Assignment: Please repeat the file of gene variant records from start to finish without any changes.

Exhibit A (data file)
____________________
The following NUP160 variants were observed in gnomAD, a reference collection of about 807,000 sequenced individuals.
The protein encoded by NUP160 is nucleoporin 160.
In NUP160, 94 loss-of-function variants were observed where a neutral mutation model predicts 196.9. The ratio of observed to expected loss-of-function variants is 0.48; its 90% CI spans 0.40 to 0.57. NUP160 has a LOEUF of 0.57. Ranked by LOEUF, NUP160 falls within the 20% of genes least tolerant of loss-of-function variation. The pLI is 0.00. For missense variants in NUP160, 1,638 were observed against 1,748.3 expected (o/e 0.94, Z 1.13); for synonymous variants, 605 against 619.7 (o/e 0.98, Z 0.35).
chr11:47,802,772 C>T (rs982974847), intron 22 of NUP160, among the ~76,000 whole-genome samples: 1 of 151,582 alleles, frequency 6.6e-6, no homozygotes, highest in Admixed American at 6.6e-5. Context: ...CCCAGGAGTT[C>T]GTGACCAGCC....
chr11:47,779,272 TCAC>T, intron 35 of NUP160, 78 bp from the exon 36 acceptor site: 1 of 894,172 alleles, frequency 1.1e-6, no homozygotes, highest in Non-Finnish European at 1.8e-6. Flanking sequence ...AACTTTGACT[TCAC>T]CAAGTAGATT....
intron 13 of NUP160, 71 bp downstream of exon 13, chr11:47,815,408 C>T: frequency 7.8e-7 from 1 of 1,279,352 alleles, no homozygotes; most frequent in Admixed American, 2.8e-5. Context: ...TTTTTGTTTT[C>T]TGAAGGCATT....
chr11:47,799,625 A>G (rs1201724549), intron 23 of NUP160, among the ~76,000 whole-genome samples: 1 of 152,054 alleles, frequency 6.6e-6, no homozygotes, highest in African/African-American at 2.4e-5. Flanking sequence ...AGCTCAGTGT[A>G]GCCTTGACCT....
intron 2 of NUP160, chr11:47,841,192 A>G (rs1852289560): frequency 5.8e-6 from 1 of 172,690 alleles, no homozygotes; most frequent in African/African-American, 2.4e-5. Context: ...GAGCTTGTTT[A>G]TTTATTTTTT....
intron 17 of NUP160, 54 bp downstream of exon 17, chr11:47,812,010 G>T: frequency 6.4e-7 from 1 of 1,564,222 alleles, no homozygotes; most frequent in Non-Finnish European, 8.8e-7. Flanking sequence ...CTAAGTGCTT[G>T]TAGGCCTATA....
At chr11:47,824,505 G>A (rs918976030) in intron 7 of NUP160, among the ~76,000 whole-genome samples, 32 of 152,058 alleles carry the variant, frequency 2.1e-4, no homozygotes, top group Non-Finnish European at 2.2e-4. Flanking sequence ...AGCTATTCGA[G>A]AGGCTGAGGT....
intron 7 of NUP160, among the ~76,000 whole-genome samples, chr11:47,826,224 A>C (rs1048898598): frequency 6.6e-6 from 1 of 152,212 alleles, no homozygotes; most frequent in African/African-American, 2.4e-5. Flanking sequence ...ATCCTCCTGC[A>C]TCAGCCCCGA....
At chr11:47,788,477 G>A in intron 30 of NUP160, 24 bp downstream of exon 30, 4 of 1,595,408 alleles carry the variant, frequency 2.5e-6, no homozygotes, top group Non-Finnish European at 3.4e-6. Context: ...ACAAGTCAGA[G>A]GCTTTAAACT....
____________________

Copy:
The following NUP160 variants were observed in gnomAD, a reference collection of about 807,000 sequenced individuals.
The protein encoded by NUP160 is nucleoporin 160.
In NUP160, 94 loss-of-function variants were observed where a neutral mutation model predicts 196.9. The ratio of observed to expected loss-of-function variants is 0.48; its 90% CI spans 0.40 to 0.57. NUP160 has a LOEUF of 0.57. Ranked by LOEUF, NUP160 falls within the 20% of genes least tolerant of loss-of-function variation. The pLI is 0.00. For missense variants in NUP160, 1,638 were observed against 1,748.3 expected (o/e 0.94, Z 1.13); for synonymous variants, 605 against 619.7 (o/e 0.98, Z 0.35).
chr11:47,802,772 C>T (rs982974847), intron 22 of NUP160, among the ~76,000 whole-genome samples: 1 of 151,582 alleles, frequency 6.6e-6, no homozygotes, highest in Admixed American at 6.6e-5. Context: ...CCCAGGAGTT[C>T]GTGACCAGCC....
chr11:47,779,272 TCAC>T, intron 35 of NUP160, 78 bp from the exon 36 acceptor site: 1 of 894,172 alleles, frequency 1.1e-6, no homozygotes, highest in Non-Finnish European at 1.8e-6. Flanking sequence ...AACTTTGACT[TCAC>T]CAAGTAGATT....
intron 13 of NUP160, 71 bp downstream of exon 13, chr11:47,815,408 C>T: frequency 7.8e-7 from 1 of 1,279,352 alleles, no homozygotes; most frequent in Admixed American, 2.8e-5. Context: ...TTTTTGTTTT[C>T]TGAAGGCATT....
chr11:47,799,625 A>G (rs1201724549), intron 23 of NUP160, among the ~76,000 whole-genome samples: 1 of 152,054 alleles, frequency 6.6e-6, no homozygotes, highest in African/African-American at 2.4e-5. Flanking sequence ...AGCTCAGTGT[A>G]GCCTTGACCT....
intron 2 of NUP160, chr11:47,841,192 A>G (rs1852289560): frequency 5.8e-6 from 1 of 172,690 alleles, no homozygotes; most frequent in African/African-American, 2.4e-5. Context: ...GAGCTTGTTT[A>G]TTTATTTTTT....
intron 17 of NUP160, 54 bp downstream of exon 17, chr11:47,812,010 G>T: frequency 6.4e-7 from 1 of 1,564,222 alleles, no homozygotes; most frequent in Non-Finnish European, 8.8e-7. Flanking sequence ...CTAAGTGCTT[G>T]TAGGCCTATA....
At chr11:47,824,505 G>A (rs918976030) in intron 7 of NUP160, among the ~76,000 whole-genome samples, 32 of 152,058 alleles carry the variant, frequency 2.1e-4, no homozygotes, top group Non-Finnish European at 2.2e-4. Flanking sequence ...AGCTATTCGA[G>A]AGGCTGAGGT....
intron 7 of NUP160, among the ~76,000 whole-genome samples, chr11:47,826,224 A>C (rs1048898598): frequency 6.6e-6 from 1 of 152,212 alleles, no homozygotes; most frequent in African/African-American, 2.4e-5. Flanking sequence ...ATCCTCCTGC[A>C]TCAGCCCCGA....
At chr11:47,788,477 G>A in intron 30 of NUP160, 24 bp downstream of exon 30, 4 of 1,595,408 alleles carry the variant, frequency 2.5e-6, no homozygotes, top group Non-Finnish European at 3.4e-6. Context: ...ACAAGTCAGA[G>A]GCTTTAAACT....